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Author: Subject: H2O2 from urea peroxide

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[*] posted on 11-5-2024 at 11:32
H2O2 from urea peroxide

I recently got my hands on urea peroxide as a source for H2O2 as it’s not available where I am. Does anyone know how to precipitate out the urea from the solution once dissolved in water to get a solution of only water and hydrogen peroxide?

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[*] posted on 12-5-2024 at 11:31

I remember reading about a method for separation of urea and hydrogen peroxide using high-performance liquid chromatography (HPLC). They never mentioned yields, though.

Depending on the reactions you intend to perform with H2O2, you can use urea peroxide with no problem. It has even some advantages over "pure" peroxide.

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[*] posted on 12-5-2024 at 19:57

As bnull mentioned, it may be best to use as is.

But...if you do want to have a go at isolating hydrogen peroxide...

If you have chloroform (can be made relatively easily from acetone and bleach), you could try dissolving the hydrogen peroxide-urea in this solvent, H2O2 should dissolve (1), whilst the urea will be practically insoluble (2).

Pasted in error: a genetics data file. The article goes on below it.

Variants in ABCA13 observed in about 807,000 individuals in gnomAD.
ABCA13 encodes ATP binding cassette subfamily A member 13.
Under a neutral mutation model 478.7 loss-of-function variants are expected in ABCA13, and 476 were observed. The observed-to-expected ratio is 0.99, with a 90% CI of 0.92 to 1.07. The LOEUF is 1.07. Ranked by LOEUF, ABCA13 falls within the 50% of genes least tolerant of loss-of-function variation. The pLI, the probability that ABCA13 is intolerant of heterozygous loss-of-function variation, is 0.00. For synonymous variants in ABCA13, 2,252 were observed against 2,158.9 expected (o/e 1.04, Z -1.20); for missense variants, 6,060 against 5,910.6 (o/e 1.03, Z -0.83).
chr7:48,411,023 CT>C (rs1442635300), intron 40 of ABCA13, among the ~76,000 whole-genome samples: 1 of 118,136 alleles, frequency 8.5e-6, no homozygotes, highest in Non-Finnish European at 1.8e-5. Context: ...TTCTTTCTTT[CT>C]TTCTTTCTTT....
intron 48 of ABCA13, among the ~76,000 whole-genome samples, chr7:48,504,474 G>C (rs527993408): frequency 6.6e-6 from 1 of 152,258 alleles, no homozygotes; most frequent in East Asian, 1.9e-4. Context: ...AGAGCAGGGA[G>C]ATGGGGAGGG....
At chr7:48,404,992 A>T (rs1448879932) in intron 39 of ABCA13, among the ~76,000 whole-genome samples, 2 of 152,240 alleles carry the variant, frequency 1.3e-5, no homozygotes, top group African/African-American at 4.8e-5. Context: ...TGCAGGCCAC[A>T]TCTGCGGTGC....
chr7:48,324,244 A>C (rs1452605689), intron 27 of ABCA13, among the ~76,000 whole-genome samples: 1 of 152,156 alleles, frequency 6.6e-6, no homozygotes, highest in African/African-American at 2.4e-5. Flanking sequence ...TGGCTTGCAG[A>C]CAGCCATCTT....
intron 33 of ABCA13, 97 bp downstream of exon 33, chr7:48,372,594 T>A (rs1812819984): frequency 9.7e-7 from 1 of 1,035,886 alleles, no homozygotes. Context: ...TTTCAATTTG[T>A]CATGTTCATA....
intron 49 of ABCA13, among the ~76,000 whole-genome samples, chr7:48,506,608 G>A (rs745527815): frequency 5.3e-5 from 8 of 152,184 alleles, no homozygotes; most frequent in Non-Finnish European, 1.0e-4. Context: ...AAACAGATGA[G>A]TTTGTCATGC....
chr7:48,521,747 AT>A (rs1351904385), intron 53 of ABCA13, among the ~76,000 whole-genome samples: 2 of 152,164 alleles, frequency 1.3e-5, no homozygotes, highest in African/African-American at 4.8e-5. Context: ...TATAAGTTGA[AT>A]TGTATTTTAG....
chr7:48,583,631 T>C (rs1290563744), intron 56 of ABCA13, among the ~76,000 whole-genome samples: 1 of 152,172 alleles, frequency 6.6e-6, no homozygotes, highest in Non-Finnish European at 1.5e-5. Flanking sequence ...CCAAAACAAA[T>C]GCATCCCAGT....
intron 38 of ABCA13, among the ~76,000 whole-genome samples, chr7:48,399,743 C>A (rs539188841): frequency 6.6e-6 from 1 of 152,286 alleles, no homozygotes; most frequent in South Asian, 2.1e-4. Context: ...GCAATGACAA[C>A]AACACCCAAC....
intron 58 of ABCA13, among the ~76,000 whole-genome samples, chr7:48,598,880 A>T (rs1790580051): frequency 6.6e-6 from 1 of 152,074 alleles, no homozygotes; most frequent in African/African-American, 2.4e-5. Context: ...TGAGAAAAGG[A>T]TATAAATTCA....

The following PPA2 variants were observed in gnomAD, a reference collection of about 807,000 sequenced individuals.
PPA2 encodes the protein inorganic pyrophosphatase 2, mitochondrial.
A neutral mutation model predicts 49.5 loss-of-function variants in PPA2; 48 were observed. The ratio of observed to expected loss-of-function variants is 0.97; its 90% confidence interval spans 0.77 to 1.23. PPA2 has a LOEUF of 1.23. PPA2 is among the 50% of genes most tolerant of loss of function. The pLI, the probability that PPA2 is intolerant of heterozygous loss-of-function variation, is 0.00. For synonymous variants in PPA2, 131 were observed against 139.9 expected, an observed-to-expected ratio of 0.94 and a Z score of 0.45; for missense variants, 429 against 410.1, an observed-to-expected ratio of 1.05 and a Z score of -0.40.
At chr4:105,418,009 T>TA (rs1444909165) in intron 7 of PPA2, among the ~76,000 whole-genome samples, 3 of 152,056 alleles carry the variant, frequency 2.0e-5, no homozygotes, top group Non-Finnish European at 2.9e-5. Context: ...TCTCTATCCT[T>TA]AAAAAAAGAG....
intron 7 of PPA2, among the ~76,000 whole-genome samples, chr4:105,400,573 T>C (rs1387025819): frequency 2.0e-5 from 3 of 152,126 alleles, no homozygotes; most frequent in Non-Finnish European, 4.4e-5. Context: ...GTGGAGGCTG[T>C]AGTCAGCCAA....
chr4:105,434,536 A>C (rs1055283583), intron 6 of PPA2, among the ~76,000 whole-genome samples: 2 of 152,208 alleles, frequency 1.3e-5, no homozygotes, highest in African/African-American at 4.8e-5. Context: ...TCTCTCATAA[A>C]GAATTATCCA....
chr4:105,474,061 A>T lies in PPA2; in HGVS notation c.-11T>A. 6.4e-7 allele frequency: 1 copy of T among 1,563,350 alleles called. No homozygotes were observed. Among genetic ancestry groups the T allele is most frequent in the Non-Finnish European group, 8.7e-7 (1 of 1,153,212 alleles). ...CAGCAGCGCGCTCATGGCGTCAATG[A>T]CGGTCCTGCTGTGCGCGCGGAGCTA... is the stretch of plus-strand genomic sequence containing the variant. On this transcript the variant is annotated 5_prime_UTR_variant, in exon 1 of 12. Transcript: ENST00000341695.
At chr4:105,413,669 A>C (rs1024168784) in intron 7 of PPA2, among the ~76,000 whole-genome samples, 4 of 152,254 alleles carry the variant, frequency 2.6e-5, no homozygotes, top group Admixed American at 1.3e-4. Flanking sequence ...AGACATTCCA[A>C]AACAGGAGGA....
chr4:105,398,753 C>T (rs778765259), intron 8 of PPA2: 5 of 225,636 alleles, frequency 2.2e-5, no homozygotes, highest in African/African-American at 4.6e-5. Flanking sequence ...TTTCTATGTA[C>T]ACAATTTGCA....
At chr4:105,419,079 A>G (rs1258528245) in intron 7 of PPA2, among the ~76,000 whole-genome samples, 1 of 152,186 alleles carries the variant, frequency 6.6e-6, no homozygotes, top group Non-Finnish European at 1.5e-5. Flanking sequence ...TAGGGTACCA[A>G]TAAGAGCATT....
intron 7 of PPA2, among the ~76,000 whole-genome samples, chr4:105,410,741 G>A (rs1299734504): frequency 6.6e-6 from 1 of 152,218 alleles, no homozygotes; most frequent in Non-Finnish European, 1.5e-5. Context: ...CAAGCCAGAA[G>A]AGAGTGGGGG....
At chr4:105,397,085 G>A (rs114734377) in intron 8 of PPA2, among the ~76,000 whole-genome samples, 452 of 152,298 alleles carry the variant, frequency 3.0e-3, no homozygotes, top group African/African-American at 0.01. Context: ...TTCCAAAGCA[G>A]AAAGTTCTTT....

But note that in the presence of light (UV) H2O2 will be decomposed by chloroform - but it can probably be stored in amber bottles for a short length of time (3).

This chloroform-H2O2 solution can then be mixed with a small quantity of water, the two solutions allowed to separate, and the water-H2O2 layer decanted into a suitable storage container. This solution will still contain some chloroform and trace urea.

Depending on the concentration of H2O2 at this point or/and the equipment you have available, you may then be able to freeze concentrate your H2O2 (4), which may allow further purification.

This method is theoretical, and is in no means a good way to prepare "clean" H2O2.

(1) Solubility and miscibility of hydrogen peroxide
(2) Solubility of urea in chloroform
(3) A kinetic study of hydroxyl radical-catalyzed decomposition of chloroform
(4) Sciencemadness thread: Hydrogen Peroxide - Illustrated Practical Guide
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[*] posted on 13-5-2024 at 10:08

You could also extract the hydrogen peroxide from solution with diethyl ether, but this is practically a death wish.

“Alchemy is trying to turn things yellow; chemistry is trying to avoid things turning yellow.” -Tom deP.
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